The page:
- A (Portland) Oregonian article was headlined, “Gay marriage: Openly gay judge, Michael McShane, in spotlight overseeing Oregon case.”
- Mississippi Supreme Court Justice Randy “Bubba” Pierce has written a new novel, “Magnolia Mud,” according to a GulfLive.com blog.
- U.S. Supreme Court Justices Ruth Bader Ginsburg and Antonin Scalia discussed their friendship, National Security Agency surveillance and First Amendment freedoms at a National Press Club event in Washington, Politico reported.
- When a Florida Supreme Court justice’s term expires on the day of the governor’s inauguration, the incoming governor should appoint the successor, a TBO.com editorial said; Gavel Grab has background.
By proposing a constitutional amendment that would guarantee tenure for state judges unless they are found unfit for the bench, the New Jersey Bar Association is doing more to shine a light on issues of politics threatening judicial independence than it is pushing a viable amendment, a public policy analyst says.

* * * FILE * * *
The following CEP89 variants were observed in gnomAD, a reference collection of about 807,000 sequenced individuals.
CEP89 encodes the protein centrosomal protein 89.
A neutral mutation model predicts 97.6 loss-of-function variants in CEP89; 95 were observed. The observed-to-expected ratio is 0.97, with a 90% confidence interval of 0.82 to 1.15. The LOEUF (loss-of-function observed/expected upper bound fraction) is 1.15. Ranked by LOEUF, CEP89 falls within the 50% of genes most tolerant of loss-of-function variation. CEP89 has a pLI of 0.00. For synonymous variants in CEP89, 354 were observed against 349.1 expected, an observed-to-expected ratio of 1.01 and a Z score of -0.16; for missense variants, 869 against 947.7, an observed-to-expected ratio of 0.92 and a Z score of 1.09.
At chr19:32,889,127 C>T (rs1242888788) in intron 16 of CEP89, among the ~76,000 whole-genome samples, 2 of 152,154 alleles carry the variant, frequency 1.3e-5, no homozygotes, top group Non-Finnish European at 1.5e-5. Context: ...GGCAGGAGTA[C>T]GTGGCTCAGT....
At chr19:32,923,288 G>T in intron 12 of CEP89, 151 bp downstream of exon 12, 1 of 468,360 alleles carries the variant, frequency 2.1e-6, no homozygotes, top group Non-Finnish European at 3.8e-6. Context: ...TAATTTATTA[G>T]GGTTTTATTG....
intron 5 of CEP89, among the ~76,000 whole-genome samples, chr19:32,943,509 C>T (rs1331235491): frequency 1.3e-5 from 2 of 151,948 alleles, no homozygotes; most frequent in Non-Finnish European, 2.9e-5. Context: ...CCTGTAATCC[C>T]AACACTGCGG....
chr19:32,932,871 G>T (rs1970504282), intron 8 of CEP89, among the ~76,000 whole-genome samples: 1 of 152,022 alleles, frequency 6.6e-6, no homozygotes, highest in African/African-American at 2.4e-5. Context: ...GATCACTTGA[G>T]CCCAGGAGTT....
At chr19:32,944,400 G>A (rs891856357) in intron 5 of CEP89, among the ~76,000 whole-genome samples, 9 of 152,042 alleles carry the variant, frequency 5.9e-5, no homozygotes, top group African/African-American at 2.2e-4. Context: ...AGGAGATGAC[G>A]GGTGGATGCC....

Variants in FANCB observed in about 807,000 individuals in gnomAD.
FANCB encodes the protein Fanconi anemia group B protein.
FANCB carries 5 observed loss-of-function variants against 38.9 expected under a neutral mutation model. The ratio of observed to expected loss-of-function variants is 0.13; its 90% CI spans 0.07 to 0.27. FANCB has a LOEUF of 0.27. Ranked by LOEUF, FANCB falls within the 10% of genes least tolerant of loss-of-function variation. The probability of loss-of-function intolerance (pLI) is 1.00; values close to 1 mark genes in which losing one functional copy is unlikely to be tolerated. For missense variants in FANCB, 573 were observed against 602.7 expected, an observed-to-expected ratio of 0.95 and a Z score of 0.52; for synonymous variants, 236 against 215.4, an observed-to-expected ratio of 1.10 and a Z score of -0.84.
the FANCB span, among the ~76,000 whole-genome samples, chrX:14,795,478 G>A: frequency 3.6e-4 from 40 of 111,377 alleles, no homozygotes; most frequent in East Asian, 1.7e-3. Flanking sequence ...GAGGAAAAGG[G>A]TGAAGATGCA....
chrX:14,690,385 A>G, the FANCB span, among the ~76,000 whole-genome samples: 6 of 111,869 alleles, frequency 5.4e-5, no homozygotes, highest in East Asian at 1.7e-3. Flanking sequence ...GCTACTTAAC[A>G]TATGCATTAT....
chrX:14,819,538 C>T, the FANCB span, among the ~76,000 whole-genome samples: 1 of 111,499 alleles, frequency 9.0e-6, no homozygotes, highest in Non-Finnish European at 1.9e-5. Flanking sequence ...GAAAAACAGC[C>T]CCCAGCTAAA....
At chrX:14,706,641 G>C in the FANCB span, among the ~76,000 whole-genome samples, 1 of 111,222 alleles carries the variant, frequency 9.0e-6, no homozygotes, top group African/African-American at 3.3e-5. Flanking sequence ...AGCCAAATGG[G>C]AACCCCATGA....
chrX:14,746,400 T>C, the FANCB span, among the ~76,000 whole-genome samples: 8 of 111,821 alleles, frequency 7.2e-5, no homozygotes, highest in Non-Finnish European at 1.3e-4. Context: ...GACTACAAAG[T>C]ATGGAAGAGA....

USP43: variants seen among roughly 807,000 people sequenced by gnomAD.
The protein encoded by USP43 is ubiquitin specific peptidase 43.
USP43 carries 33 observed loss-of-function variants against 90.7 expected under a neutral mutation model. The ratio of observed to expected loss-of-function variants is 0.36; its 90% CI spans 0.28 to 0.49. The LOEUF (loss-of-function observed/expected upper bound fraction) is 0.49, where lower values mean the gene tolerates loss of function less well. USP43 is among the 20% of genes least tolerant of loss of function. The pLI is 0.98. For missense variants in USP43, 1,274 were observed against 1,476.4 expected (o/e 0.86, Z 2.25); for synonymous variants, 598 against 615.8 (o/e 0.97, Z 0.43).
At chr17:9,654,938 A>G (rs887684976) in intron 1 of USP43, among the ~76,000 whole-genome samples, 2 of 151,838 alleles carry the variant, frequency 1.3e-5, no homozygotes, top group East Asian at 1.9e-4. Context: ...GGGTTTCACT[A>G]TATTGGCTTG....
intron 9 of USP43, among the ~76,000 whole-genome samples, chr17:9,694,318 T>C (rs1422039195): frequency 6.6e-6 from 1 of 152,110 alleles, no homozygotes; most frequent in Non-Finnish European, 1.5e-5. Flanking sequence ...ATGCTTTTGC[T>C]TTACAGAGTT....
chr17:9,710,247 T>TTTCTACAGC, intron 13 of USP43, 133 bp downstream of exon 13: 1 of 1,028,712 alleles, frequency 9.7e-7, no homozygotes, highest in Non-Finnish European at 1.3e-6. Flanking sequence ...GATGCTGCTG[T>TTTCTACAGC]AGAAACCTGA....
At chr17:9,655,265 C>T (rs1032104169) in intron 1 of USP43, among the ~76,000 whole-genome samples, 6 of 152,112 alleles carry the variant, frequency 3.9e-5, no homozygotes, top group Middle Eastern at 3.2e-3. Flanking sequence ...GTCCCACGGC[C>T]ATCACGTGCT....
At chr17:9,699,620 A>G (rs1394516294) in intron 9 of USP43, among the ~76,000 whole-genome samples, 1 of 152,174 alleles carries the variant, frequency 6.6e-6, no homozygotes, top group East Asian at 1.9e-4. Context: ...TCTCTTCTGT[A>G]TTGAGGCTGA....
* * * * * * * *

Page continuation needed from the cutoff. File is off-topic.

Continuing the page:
“The odds that this constitutional rewrite would be approved are nonexistent. Governors and legislators view it as a diminution of their prerogatives and infringing on their responsibilities to represent the people who elected them,” writes Carl Golden, a senior contributing analyst with the William J. Hughes Center for Public Policy at the Richard Stockton College of New Jersey, in a Star-Ledger opinion piece.
Gov. Chris Christie, who has vowed to reshape the state’s highest court, has broken with precedent to deny tenure to two veteran justices. He now is facing a decision whether to reappoint–and extend tenure to–Chief Justice Stuart Rabner. The Bar Association has urged him to reappoint the Chief Justice saying the issue is about “the independence of the judiciary.”No comments
Tags: New Jersey